Then, if there were breaches, was Canada entitled to abandon one of its own. The results of this suit will have an impact on the rights of all Canadians”.

 


 

Please also review: the Notice of Motion and the Proposed Amended Amended Amended Fresh as Amended Statement of Claim that has been filed in the Federal Court.

 


 

Source: Omar Khadr: Why this case matters

 


Related:

Colin Perkel, Canadian Press: Judge won’t toss amended Omar Khadr lawsuit against Ottawa but wants changes

Michelle Shephard, Toronto Star: Omar Khadr’s lawyers in court on rights abuse case

Michelle Shephard, Toronto Star: Canada co-operated with U.S. in abusing Omar Khadr’s rights, lawsuit claims


 

Today Omar’s security classification changed to medium

Free Omar Khadr Now Committee, December 13, 2013

Omar Khadr’s security classification has been changed from maximum to medium. Omar was transferred from Guantanamo to Canada in September 2012 and placed in a maximum security jail. This placement was harshly criticized by The Office of the Correctional Investigator (OCI). “The OCI has not found any evidence that Mr. Khadr’s behavior while incarcerated has been problematic and that he could not be safely managed at a lower security level. I recommend that Mr. Khadr’s security classification be reassessed taking into account all available information and the actual level of risk posed by the offender, bearing in mind his sole offence was committed when he was a minor.”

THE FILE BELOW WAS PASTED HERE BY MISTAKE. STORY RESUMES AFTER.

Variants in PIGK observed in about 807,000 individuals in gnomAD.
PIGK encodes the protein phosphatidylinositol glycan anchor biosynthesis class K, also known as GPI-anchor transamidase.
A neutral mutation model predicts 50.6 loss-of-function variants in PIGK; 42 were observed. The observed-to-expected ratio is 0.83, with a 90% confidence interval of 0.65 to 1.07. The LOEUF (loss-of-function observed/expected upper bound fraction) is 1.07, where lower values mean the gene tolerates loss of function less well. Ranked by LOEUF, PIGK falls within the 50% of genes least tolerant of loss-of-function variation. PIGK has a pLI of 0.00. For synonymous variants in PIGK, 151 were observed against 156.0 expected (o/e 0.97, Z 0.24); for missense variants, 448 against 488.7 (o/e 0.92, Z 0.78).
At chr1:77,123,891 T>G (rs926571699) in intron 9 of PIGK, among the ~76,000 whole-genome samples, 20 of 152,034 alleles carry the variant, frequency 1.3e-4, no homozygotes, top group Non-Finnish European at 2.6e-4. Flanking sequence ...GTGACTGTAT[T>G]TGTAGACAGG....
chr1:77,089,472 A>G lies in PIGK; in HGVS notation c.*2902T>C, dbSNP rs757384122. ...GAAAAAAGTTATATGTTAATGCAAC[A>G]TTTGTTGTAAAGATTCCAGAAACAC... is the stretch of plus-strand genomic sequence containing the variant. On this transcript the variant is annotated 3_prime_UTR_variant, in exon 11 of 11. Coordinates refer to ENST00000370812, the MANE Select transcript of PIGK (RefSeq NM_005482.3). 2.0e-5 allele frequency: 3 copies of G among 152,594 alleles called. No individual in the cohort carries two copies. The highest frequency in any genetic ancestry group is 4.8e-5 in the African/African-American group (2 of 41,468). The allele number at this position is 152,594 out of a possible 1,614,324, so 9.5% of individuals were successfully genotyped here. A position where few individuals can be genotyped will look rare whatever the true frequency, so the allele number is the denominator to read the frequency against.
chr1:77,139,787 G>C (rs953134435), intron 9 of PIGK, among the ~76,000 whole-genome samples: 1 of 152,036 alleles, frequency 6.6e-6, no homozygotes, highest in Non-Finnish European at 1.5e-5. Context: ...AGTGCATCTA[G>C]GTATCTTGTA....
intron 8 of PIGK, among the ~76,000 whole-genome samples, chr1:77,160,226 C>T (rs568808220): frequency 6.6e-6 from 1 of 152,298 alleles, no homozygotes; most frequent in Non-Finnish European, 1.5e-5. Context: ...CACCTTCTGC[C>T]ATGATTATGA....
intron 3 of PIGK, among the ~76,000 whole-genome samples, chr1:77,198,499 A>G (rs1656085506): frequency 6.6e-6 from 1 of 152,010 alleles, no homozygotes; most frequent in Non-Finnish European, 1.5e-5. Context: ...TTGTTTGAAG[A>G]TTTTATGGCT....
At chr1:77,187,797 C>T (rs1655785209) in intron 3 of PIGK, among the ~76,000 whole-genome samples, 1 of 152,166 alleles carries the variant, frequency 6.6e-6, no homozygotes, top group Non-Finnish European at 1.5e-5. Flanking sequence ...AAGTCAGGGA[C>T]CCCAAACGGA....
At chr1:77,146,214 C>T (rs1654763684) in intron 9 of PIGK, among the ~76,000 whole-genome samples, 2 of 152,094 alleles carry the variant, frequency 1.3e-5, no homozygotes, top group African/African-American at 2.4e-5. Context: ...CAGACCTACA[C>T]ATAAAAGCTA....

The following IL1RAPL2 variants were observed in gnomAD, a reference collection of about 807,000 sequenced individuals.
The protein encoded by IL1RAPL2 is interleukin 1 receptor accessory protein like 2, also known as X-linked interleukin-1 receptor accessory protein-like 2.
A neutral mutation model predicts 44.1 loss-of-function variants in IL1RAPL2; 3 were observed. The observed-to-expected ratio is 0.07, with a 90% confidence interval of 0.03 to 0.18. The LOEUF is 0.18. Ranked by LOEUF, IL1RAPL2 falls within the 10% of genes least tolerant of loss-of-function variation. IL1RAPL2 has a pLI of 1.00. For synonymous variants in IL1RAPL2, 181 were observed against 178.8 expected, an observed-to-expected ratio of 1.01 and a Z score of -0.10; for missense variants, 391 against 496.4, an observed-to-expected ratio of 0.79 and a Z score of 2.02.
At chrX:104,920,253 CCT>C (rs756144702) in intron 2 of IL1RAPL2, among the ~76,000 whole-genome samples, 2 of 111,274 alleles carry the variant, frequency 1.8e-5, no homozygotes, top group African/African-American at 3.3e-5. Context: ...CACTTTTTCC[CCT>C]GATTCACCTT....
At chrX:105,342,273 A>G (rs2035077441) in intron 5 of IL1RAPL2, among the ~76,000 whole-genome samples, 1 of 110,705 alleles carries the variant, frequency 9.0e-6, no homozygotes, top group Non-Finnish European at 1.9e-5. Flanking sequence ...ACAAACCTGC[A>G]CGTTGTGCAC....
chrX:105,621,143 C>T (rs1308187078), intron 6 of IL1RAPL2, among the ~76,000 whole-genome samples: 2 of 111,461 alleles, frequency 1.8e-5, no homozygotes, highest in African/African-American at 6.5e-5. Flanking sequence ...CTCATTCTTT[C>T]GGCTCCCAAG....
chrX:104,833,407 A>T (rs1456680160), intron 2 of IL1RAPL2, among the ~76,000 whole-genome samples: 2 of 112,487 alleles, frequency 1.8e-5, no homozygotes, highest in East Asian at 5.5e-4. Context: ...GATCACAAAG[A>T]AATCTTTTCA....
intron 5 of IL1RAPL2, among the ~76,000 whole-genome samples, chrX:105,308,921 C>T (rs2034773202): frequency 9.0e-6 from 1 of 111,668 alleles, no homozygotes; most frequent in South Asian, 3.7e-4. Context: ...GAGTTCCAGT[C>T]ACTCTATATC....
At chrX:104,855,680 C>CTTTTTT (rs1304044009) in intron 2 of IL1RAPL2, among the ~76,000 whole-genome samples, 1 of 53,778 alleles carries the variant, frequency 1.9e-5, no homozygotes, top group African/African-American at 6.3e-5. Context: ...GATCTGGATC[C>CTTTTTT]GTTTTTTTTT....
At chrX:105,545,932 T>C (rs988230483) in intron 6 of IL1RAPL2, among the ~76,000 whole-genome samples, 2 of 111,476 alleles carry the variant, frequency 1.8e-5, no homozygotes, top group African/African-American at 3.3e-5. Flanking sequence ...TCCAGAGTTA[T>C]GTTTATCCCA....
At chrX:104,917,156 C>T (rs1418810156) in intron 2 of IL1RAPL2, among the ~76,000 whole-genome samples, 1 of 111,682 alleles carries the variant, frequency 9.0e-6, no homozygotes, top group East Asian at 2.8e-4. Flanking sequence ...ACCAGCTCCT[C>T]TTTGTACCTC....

Omar Khadr was classified as minimum security in Guantanamo. The OCI further noted that “According to a psychological report on file, Omar Khadr interacted well with others and did not present with violent or extremist attitudes”.

Many Canadians are pleased that the new classification will allow Omar to access programs, and services. However, it doesn’t alleviate the fact that Omar’s imprisonment is an abuse of human rights and the rule of law.

Dennis Edney, Omar’s lawyer said “My position is similar to that of the Ombudsman’s office he should be classified as minimum and released.”

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Related:

Edmonton Journal: Khadr reclassified, likely to be transferred to Bowden

Ombudsman scolds officials for branding Omar Khadr a maximum security inmate